Clearly, much remains to be done and we must continue to work with the Afghan people and our many partner nations.  As in Iraq, we must remain steadfast in our determination to finish the job and bring peace and security to Afghanistan.

We shouldn’t think of Iraq and Afghanistan in isolation. 

Iran is reasserting itself… and intends to be a player on the world stage.  It is not helpful to coalition efforts in Iraq and Afghanistan and continues to supply Shi’a militia groups in Iraq with training, funding, and weapons, including EFPs.
 
It also continues to provide money and weapons to Hezbollah, which threatens the legitimate government of Lebanon. 

I said earlier that the war was bigger than Iraq and Afghanistan.  Our security concerns and challenges extend beyond a single region or theater of operations.

Major states… whose future paths are not yet clear… continue to pursue sophisticated military modernization programs.  They are not “problems” right now… but we have to prepare for an uncertain future.

Meanwhile, in a globalized world, the risks of proliferation will only grow, as access to technology… and the ability to move technology… increase.

As we look to future conflicts, I think it sound to conclude that major clashes of great armies on the open battlefield are probably less likely than in the past.  Future conflicts may look more like Hezbollah’s attack on Israel… when attackers launched rockets from the middle of town, and hid among civilian populations.  It’s harder to locate that kind of adversary, and while it’s still reasonably easy to kill him, it’s very hard to do so without harming the civilian populace.

As it was throughout the 20th century, technology is still an integral part of the threat… and the solution… to emerging challenges… but, in the 21st century, technology will be brought to bear in some new ways… Cyber warfare is already here… and it’s the challenge that keeps me up at night.

As I said earlier… we face many challenges.  And, although the greatest short-term threat to the United States may be a terrorist attack... I believe the greatest long-term threat is failing to acknowledge the complexity of the security environment and the challenges confronting the nation.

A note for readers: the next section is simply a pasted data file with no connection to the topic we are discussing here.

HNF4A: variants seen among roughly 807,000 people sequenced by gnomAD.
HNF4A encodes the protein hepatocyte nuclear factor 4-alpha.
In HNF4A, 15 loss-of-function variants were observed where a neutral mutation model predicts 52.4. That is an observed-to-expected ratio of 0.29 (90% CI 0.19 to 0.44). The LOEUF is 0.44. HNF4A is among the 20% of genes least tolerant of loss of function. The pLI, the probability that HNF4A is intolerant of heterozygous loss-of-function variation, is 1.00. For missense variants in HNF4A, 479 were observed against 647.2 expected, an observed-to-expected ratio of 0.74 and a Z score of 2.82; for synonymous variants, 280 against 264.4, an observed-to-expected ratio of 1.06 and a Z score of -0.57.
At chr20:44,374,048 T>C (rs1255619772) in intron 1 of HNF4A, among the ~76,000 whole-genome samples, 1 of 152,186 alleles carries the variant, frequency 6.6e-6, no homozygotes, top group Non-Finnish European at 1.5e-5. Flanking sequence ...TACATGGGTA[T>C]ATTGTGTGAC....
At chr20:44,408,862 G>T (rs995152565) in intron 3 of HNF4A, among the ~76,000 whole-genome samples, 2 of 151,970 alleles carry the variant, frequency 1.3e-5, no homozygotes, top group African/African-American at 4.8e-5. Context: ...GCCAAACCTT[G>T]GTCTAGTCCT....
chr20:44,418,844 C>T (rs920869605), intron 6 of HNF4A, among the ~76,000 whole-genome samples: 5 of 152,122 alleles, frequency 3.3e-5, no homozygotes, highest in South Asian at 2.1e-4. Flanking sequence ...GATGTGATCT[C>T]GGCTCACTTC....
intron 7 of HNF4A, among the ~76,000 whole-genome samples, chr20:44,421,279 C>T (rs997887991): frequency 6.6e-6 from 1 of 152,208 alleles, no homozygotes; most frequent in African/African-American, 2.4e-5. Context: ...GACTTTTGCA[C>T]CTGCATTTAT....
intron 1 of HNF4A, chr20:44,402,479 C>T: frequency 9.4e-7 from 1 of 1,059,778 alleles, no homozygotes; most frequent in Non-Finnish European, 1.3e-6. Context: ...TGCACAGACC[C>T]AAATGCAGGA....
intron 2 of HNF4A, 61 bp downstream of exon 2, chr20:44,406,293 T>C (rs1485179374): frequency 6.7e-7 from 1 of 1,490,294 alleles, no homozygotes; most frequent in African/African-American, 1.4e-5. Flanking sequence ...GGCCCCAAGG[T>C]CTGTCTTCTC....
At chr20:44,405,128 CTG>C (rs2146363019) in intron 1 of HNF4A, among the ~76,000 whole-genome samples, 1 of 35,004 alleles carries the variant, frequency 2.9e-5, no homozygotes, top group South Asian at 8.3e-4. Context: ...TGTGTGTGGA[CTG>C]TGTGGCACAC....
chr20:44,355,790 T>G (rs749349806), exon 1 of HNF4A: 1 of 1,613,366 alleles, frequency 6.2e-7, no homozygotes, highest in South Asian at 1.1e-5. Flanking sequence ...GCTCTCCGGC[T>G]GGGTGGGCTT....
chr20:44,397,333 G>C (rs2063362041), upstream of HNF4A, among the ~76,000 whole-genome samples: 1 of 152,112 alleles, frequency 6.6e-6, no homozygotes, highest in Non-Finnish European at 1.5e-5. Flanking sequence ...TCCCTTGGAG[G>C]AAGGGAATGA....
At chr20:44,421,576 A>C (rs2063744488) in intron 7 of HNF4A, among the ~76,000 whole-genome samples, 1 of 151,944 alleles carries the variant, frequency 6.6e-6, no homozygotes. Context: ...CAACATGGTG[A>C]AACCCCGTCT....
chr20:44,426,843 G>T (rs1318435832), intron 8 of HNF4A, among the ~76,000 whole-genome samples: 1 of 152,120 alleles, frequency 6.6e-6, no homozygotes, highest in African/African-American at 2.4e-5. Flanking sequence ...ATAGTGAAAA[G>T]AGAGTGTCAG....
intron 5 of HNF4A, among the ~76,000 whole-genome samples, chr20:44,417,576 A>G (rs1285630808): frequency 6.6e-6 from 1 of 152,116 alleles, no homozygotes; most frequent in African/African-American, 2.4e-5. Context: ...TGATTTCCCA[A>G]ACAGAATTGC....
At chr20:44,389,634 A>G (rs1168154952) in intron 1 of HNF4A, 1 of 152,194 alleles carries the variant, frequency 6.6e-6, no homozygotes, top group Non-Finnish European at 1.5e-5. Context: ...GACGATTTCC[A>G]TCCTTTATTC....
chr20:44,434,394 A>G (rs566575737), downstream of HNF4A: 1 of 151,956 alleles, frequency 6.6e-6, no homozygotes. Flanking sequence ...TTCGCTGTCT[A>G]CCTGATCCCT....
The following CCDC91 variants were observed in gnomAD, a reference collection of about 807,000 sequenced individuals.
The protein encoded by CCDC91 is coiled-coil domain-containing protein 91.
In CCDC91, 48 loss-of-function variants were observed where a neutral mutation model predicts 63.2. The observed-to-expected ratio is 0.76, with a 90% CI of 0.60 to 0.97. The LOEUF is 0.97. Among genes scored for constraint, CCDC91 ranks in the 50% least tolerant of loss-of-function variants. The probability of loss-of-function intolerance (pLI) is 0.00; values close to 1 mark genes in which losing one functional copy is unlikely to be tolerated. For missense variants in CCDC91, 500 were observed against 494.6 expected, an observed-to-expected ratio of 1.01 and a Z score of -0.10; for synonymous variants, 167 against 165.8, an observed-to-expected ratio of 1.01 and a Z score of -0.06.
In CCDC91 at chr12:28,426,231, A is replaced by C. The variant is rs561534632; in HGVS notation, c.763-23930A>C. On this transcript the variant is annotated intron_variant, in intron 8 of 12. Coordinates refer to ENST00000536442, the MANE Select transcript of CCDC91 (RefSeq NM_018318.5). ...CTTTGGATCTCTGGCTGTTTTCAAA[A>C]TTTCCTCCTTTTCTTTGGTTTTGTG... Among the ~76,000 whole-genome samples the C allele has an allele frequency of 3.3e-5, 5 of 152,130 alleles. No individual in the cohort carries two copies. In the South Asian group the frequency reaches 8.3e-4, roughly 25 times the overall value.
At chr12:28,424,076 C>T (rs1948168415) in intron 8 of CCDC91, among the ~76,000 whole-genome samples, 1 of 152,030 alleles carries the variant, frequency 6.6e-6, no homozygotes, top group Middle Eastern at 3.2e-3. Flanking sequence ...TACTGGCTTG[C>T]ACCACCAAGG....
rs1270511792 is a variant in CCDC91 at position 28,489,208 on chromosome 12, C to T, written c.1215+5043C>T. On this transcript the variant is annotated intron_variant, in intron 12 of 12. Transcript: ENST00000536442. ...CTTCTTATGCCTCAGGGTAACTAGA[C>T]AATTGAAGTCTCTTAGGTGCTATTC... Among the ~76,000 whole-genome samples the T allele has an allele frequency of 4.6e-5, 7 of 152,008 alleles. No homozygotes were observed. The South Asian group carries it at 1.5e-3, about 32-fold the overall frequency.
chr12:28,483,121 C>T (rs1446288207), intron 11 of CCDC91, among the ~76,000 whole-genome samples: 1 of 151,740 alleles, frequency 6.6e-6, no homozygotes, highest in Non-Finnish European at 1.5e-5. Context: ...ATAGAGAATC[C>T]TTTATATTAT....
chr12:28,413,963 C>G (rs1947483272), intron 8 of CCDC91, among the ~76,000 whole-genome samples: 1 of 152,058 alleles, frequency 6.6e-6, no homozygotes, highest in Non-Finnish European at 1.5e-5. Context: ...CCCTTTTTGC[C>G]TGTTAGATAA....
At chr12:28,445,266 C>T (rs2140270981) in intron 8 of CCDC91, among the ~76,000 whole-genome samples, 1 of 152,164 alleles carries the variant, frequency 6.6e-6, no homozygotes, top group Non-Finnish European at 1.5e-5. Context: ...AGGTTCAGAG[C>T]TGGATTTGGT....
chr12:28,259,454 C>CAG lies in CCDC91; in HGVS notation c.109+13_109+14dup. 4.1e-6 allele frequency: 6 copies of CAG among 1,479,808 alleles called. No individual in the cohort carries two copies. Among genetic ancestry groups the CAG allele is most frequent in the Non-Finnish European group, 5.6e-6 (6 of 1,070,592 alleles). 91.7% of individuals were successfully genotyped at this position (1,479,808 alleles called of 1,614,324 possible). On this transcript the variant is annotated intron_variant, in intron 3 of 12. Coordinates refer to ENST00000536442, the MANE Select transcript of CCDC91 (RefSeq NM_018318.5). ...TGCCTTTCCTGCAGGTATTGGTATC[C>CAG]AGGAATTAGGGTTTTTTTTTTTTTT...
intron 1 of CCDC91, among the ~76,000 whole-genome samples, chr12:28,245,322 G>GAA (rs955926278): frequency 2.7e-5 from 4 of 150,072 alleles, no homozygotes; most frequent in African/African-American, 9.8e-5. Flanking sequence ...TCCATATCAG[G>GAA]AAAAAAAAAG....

The President’s FY 2009 base budget request of $515.4 billion provides the essential resources necessary to execute the National Military Strategy.  When appropriated, the budget will sustain an enterprise of immense scope and complexity. 

In summary, the budget:

* Supports the President’s commitment to prevail in Iraq and Afghanistan and grows the U.S. ground forces required to do so;
* Maintains the high rate of military readiness commensurate with our nation’s global responsibilities;
* Prepares for a wide range of dangers that may threaten the nation today and in the future; and
* Provides high quality health care for our all-volunteer force and their families.
 
While $515.4 billion is a lot of money, I think it important to consider it in terms of historical context as well as contemporary requirements.  Total defense spending has grown since 9-11 to around 4 percent of the Gross Domestic Product.  That percentage, however, is the lowest ever invested by the nation in its defense during time of war.  While, such comparisons are imperfect… for point of reference… 9 percent was invested during Vietnam and 11.7 percent during the Korean War.

Last year, Congress appropriated $86.8 billion of the President’s $189.3 billion request for the Global War on Terror (GWOT).  As you well know, operations continue unabated in both theaters, but Congress has not yet appropriated the outstanding balance of funds required to sustain our forces in combat. 

I cannot overstress the importance of this funding.  It’s required to pay our military personnel, continue operations in Iraq and Afghanistan, reconstitute our forces, provide force protection for the troops, and fund the Iraqi and Afghan security force.  Delays will degrade our ability to provide our forces the support they require and make it increasingly challenging to manage the Department in a fiscally sound manner.  Failure to act on the request may result in the disruption of operations at home and abroad. 

While challenges to our nation’s security will endure… I am constantly inspired by our men and women in uniform.  All Americans can take comfort in their dedication and courage.  As they have proven time and time again… like the generations who have came before them… when given the support required… they are up to any challenge.

On 9-11, a reporter asked a little 9-year-old girl, “What is patriotism?”  And she said… and remember, she was only 9 years old… “Patriotism is taking care of America.”

I thank each of you for your patriotism… your long, selfless service to the nation… and for everything you do, every day, to make the world a better place for our children and grandchildren.  God bless all of you.